If At First You Don’t Succeed

First of all, let me thank Dan and the rest of the Co-Op gang for inviting me to participate in this terrific blog.

So, it seems that hiring season is coming to a close. Larry Solum is tracking entry-level successes here and Dan Filler has the scoop on laterals here.

But for all those happy folks out there, there are plenty of candidates who did not get jobs. And the question for them is whether they should “try, try again.”

My thoughts on “if” and “how” below the fold:

The short answer is a qualified “yes.” Let me say this — many, many, many talented law profs did not get a job the first time they went on the market. So, just because you didn’t get a job, doesn’t mean you won’t get a job.

The reason why the answer is a “qualified” yes, is because you must first diagnose why you didn’t get a job. As a frequent attendee of the FRC on the hiring side, let me offer a few thoughts:

First of all, you need to recognize that some people are the “full package.” While there have been gripes on the internet re: whether journal placement matters, the bottom line is you can’t get caught in those minor details. Some folks have it all — top law school, on journal, with great grades, with 2-3 well placed articles, with a fancy clerkship, with great job experience, and terrific references. Now, even these people, who look so good on paper that they tend to make apptmts committee members wonder whether they’d get a job in today’s market, will fail to get jobs IF (1) they don’t exhibit intellectual playfulness, (2) they can’t communicate their ideas clearly, and (3) they don’t have some overall vision about their research (not a detailed agenda, just a direction…)

Now, if you didn’t get a job, you need to figure out what you are lacking and whether you can compensate for it.

If you don’t have two or three articles already written then stop reading this and get writing. Otherwise, ask yourself these questions:

1) Did I make stupid mistakes with my FAR form? That is, did I offend people by excluding areas of the US in a pejorative way? Did I put anything other than additional references or addl publications in the comments section? (Under no conditions should you be making comments in the comments section.) Did I pick boutique courses and refuse to list even one bread and butter course? Does my package cohere in a way that someone would understand who I am as a scholar by the kinds of subjects I am willing to teach?

2) Do I have good references? Law profs want to see other law profs (and an occasional very distinguished judge) listed as your references. At least two of your references should be law professors. And the profs you pick will reflect on who you are.

3) Do I have job experience that ties to my research? Some very top schools will take a peek at top grads from law schools when they are fresh out of law school or a clerkship — these schools are looking to see if you are a rising star. But if you aren’t one of the handful of folks that meets that requirement, then you need to show the rest of the law faculties that you actually know something about the practice of law. Some work experience is a good thing.

4) Did I get lots of initial interviews, but few or no callbacks? Then your problem is in your interviewing. Talk to your law school about arranging for mock interviews (and a mock job talk) and have folks give you feedback. Of course, even an interview that goes well may not result in a callback simply because the school has a number of priorities it is trying to balance or because in your field, frankly, there was just someone better than you are. BUT if you are getting lots of initial interviews and no callbacks, you’ve got an interviewing problem.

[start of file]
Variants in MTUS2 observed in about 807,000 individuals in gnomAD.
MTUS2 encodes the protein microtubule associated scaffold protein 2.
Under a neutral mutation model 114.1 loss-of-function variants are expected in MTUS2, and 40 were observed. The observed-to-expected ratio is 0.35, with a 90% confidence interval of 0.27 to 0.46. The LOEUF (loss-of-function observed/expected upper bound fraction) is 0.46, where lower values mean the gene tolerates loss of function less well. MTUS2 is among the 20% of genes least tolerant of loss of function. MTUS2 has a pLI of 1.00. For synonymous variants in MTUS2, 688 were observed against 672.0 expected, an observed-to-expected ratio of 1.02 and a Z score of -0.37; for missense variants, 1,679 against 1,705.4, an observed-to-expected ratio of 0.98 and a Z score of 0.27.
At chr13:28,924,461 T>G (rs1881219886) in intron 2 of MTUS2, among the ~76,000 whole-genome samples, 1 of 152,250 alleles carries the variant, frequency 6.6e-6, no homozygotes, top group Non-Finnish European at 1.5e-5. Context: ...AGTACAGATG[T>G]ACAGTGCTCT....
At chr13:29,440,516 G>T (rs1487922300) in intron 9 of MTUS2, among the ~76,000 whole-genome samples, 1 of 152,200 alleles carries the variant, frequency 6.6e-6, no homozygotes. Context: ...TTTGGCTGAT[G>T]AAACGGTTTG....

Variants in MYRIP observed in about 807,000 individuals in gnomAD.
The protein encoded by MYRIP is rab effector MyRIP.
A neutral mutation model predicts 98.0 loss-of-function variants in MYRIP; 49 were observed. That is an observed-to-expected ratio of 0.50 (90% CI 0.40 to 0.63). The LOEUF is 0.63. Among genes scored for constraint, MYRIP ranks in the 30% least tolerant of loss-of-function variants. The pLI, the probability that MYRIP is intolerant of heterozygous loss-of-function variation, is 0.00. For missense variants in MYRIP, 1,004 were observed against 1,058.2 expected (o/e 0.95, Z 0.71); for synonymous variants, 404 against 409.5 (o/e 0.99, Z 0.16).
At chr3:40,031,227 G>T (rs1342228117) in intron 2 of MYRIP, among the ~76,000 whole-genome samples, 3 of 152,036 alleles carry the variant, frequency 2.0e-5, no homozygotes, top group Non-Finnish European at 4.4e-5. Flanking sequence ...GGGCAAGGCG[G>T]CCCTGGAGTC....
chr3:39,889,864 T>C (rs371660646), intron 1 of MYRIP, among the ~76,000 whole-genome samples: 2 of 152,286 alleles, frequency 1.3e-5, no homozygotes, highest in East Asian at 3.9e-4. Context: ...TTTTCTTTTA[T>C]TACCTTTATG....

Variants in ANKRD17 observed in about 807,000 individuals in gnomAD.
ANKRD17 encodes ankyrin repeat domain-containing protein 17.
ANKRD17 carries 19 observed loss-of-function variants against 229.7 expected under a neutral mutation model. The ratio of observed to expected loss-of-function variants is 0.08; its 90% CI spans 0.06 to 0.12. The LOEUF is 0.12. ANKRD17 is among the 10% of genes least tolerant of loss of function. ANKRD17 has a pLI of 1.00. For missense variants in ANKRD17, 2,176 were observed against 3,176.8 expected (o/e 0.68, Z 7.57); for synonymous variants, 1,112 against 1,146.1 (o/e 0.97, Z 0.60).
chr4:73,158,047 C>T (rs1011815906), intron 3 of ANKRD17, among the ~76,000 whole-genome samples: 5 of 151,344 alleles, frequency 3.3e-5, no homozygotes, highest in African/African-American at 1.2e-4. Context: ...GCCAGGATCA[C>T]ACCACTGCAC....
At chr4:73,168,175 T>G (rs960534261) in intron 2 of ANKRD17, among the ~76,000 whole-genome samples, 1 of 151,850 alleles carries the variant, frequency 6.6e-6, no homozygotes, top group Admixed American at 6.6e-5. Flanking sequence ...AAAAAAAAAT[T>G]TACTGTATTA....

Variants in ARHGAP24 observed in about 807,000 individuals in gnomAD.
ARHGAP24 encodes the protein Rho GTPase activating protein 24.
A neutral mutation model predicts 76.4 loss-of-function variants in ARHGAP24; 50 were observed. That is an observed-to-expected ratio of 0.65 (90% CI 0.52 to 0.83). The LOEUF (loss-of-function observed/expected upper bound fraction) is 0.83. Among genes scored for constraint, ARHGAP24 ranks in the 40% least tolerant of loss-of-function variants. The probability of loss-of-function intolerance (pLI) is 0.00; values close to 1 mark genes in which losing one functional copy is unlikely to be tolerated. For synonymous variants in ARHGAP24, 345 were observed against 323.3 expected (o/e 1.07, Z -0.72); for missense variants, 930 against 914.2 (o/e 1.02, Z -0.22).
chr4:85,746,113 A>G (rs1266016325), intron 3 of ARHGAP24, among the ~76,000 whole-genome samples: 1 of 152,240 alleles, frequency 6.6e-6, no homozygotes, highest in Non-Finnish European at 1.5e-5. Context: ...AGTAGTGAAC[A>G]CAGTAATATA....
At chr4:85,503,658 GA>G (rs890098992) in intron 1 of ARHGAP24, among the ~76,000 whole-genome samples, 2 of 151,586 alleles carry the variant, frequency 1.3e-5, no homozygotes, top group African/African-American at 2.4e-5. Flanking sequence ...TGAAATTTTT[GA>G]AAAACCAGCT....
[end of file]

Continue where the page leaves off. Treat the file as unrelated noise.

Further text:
But to be brutally honest, I would give up if:

-You graduated from a third or fourth tier school AND you were not in the tip top of your class AND you haven’t written a meaningful law review article. This may seem like a no-brainer to some folks, but I can’t believe the number of candidates without any distinguishing features who feel compelled to throw their hats in the ring. Please, please, please stop killing trees.

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3 Responses

  1. Jason says:

    Being realistic in your “brutally honest” paragraph, shouldn’t your ANDs all be ORs?

  2. Michael D. Cicchini says:

    This is refreshingly honest, and accurate. I graduated first in my class, subsequently published three times in good journals (e.g., Seton Hall L. Rev.), and have an outstanding trial record as a practitioner. Despite this, I was unable to land a single interview in the so called “meat market” process.

    The problem is that while academics are very open to diversity when it comes to gender, race, etc. – as they should be – they’re very narrow minded when it comes to diversity of backgrounds and experiences. If a candidate differs in any way from the mold they’re comfortable with, e.g., didn’t go to a top school, OR didn’t do a clerkship, OR has “too much” work experience, etc., the candidate is out of luck.

    Professor Ferzan and Jason are right: you need to know when to abandon the search and move on to something else. If you don’t fall into the exact mold that search committess are looking for, your chances for interviews will be few.

  3. David W. Case says:

    Graduates of mid-tier law schools may have to be extremely creative in positioning themselves to have the best chance of success in such an extremely competitive job market. I wrote an essay from that perspective about my experiences with the teaching market (which included 3 trips to the FRC on the candidate side) that some may find useful — “The Pedagogical Don Quixote De La Mississippi” — which can be found at 33 U. Memphis L. Rev. 529 (2003).